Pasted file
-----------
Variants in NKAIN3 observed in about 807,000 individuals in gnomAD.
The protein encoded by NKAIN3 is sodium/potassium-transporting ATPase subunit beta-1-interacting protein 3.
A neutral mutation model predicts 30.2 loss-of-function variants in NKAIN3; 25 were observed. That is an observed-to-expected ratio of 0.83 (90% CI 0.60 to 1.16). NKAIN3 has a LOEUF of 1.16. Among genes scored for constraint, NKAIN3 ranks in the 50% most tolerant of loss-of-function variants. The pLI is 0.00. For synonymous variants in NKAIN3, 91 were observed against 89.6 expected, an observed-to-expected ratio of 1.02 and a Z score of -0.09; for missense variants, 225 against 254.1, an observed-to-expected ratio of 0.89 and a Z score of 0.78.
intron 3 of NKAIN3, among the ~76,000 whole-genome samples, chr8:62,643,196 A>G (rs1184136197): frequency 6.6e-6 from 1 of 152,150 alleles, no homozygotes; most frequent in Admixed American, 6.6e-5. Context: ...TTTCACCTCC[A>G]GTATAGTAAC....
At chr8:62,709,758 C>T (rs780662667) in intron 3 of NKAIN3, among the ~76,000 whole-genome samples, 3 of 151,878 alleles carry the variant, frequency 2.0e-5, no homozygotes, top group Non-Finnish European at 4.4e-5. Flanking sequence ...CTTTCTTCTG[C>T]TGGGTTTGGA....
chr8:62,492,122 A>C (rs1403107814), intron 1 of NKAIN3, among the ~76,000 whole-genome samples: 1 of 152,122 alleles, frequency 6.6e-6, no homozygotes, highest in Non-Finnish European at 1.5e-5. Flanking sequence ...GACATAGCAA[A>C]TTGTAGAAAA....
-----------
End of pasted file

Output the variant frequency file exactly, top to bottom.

Variants in NKAIN3 observed in about 807,000 individuals in gnomAD.
The protein encoded by NKAIN3 is sodium/potassium-transporting ATPase subunit beta-1-interacting protein 3.
A neutral mutation model predicts 30.2 loss-of-function variants in NKAIN3; 25 were observed. That is an observed-to-expected ratio of 0.83 (90% CI 0.60 to 1.16). NKAIN3 has a LOEUF of 1.16. Among genes scored for constraint, NKAIN3 ranks in the 50% most tolerant of loss-of-function variants. The pLI is 0.00. For synonymous variants in NKAIN3, 91 were observed against 89.6 expected, an observed-to-expected ratio of 1.02 and a Z score of -0.09; for missense variants, 225 against 254.1, an observed-to-expected ratio of 0.89 and a Z score of 0.78.
intron 3 of NKAIN3, among the ~76,000 whole-genome samples, chr8:62,643,196 A>G (rs1184136197): frequency 6.6e-6 from 1 of 152,150 alleles, no homozygotes; most frequent in Admixed American, 6.6e-5. Context: ...TTTCACCTCC[A>G]GTATAGTAAC....
At chr8:62,709,758 C>T (rs780662667) in intron 3 of NKAIN3, among the ~76,000 whole-genome samples, 3 of 151,878 alleles carry the variant, frequency 2.0e-5, no homozygotes, top group Non-Finnish European at 4.4e-5. Flanking sequence ...CTTTCTTCTG[C>T]TGGGTTTGGA....
chr8:62,492,122 A>C (rs1403107814), intron 1 of NKAIN3, among the ~76,000 whole-genome samples: 1 of 152,122 alleles, frequency 6.6e-6, no homozygotes, highest in Non-Finnish European at 1.5e-5. Flanking sequence ...GACATAGCAA[A>C]TTGTAGAAAA....